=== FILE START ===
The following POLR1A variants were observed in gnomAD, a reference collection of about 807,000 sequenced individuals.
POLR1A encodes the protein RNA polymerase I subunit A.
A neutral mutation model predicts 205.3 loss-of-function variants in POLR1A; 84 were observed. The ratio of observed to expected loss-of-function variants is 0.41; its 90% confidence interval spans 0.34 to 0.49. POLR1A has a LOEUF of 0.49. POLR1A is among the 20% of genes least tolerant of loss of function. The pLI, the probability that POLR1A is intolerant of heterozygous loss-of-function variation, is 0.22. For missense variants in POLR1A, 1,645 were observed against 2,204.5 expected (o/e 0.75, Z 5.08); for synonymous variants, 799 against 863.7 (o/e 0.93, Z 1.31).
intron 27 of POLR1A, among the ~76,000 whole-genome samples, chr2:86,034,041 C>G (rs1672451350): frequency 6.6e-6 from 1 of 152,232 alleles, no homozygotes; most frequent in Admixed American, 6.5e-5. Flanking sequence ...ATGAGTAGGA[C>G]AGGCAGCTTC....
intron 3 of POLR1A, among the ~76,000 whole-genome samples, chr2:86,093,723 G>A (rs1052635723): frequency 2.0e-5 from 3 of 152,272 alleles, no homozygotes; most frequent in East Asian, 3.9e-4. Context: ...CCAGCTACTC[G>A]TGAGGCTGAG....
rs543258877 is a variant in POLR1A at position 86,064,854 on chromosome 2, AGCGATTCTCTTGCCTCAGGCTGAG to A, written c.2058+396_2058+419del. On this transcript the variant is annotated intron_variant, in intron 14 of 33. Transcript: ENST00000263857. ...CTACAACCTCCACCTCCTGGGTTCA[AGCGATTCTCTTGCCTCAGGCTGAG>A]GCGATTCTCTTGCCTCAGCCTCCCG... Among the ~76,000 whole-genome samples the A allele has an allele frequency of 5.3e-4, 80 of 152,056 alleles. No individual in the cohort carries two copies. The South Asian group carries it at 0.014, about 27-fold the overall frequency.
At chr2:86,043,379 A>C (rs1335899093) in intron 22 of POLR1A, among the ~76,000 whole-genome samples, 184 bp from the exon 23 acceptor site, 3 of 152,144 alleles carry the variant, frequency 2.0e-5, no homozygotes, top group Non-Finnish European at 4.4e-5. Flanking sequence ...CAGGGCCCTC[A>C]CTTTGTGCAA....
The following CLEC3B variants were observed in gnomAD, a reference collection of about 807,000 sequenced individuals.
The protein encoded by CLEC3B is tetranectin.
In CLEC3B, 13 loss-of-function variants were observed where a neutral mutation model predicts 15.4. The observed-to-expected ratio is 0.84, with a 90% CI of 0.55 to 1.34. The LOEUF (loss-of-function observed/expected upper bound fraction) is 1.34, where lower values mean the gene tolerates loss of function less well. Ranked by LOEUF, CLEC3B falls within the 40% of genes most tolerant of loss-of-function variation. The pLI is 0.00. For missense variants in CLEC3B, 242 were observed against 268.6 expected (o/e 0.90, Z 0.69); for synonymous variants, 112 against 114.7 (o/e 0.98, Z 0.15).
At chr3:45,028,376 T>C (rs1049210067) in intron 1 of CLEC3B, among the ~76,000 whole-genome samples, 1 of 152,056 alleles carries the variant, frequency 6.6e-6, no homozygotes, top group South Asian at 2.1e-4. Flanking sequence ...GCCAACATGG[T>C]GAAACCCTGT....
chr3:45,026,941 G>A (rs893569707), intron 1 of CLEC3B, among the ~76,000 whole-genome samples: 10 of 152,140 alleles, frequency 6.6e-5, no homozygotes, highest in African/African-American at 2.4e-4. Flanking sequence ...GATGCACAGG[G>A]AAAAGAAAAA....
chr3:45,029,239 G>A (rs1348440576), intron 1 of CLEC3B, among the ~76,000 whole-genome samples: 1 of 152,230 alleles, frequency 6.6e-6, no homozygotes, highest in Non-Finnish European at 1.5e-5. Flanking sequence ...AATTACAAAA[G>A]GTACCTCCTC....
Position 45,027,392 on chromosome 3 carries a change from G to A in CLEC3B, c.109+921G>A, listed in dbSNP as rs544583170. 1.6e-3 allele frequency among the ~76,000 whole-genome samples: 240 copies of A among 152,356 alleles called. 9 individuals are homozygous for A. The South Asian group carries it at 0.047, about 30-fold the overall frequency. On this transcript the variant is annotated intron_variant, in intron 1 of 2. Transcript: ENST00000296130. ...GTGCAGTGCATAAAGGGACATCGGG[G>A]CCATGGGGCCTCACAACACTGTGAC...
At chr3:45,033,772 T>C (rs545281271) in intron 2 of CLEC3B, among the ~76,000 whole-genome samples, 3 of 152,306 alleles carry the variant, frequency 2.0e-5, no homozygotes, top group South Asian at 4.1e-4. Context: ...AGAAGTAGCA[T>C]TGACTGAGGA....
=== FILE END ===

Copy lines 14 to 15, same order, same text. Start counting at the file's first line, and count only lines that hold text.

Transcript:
Position 45,027,392 on chromosome 3 carries a change from G to A in CLEC3B, c.109+921G>A, listed in dbSNP as rs544583170. 1.6e-3 allele frequency among the ~76,000 whole-genome samples: 240 copies of A among 152,356 alleles called. 9 individuals are homozygous for A. The South Asian group carries it at 0.047, about 30-fold the overall frequency. On this transcript the variant is annotated intron_variant, in intron 1 of 2. Transcript: ENST00000296130. ...GTGCAGTGCATAAAGGGACATCGGG[G>A]CCATGGGGCCTCACAACACTGTGAC...
At chr3:45,033,772 T>C (rs545281271) in intron 2 of CLEC3B, among the ~76,000 whole-genome samples, 3 of 152,306 alleles carry the variant, frequency 2.0e-5, no homozygotes, top group South Asian at 4.1e-4. Context: ...AGAAGTAGCA[T>C]TGACTGAGGA....